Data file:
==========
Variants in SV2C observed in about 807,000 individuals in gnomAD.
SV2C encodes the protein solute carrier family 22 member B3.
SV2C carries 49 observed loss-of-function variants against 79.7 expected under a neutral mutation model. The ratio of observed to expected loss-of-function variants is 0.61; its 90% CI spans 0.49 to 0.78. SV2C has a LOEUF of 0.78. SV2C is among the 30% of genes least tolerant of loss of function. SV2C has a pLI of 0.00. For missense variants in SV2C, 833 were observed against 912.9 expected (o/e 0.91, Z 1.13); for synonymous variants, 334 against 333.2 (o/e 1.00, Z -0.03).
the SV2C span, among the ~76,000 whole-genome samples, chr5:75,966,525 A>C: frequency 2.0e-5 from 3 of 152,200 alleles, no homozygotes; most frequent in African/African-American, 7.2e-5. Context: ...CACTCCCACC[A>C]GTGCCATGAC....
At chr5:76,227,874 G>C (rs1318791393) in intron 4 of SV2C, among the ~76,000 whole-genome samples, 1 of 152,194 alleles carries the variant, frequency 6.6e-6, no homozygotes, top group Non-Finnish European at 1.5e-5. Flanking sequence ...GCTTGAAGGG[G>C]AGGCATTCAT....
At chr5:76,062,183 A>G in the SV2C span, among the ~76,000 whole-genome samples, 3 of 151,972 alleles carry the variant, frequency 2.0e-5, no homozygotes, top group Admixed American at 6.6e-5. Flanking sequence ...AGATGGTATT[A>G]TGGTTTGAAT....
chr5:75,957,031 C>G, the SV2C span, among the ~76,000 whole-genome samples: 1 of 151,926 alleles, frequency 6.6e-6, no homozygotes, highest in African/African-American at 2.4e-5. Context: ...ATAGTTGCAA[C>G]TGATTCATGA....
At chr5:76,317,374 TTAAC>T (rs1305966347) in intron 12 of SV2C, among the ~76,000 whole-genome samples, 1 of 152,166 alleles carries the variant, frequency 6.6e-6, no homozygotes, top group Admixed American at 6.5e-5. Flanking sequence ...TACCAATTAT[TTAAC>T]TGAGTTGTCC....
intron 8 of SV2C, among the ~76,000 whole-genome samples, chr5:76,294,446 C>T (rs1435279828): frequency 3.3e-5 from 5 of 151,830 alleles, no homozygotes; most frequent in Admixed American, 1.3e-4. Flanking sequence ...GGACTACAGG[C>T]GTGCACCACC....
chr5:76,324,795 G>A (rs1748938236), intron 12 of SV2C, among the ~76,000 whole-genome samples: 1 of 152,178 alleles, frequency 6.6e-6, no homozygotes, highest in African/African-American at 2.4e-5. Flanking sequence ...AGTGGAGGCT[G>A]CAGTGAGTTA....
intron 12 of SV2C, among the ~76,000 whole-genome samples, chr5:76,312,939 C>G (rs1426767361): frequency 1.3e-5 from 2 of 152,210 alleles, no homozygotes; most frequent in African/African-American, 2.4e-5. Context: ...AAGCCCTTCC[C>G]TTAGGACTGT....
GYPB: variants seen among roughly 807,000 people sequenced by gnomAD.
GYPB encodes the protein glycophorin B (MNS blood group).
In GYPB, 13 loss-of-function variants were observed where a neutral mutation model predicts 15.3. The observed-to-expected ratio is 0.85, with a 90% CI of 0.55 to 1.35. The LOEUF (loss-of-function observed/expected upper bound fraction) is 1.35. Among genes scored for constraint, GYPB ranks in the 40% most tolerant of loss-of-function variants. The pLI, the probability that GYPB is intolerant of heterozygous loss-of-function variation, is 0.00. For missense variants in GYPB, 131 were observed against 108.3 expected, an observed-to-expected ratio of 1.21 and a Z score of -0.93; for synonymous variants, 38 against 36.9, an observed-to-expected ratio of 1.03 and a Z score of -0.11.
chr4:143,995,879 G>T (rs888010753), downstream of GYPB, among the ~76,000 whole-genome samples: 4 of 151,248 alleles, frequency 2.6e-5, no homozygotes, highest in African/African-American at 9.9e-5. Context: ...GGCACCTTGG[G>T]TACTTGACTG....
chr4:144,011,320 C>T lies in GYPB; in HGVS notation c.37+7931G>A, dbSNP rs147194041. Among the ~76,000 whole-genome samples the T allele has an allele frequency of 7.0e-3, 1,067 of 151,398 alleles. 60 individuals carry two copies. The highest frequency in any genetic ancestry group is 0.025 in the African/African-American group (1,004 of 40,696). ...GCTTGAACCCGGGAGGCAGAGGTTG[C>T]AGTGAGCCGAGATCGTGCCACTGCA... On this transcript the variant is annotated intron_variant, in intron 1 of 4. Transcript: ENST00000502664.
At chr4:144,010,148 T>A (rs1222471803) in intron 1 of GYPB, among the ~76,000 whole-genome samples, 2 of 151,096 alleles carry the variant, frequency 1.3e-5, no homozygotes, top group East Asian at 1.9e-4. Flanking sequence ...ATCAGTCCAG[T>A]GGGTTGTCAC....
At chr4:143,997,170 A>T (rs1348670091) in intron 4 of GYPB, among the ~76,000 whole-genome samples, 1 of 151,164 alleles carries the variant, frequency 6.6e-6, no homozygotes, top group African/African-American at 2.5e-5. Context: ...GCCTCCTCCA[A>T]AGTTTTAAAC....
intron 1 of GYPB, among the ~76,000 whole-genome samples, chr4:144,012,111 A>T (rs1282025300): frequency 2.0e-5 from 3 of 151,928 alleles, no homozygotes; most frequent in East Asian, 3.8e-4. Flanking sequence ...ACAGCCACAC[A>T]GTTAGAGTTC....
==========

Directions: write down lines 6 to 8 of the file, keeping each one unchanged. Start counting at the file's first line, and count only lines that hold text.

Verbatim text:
At chr5:76,062,183 A>G in the SV2C span, among the ~76,000 whole-genome samples, 3 of 151,972 alleles carry the variant, frequency 2.0e-5, no homozygotes, top group Admixed American at 6.6e-5. Flanking sequence ...AGATGGTATT[A>G]TGGTTTGAAT....
chr5:75,957,031 C>G, the SV2C span, among the ~76,000 whole-genome samples: 1 of 151,926 alleles, frequency 6.6e-6, no homozygotes, highest in African/African-American at 2.4e-5. Context: ...ATAGTTGCAA[C>G]TGATTCATGA....
At chr5:76,317,374 TTAAC>T (rs1305966347) in intron 12 of SV2C, among the ~76,000 whole-genome samples, 1 of 152,166 alleles carries the variant, frequency 6.6e-6, no homozygotes, top group Admixed American at 6.5e-5. Flanking sequence ...TACCAATTAT[TTAAC>T]TGAGTTGTCC....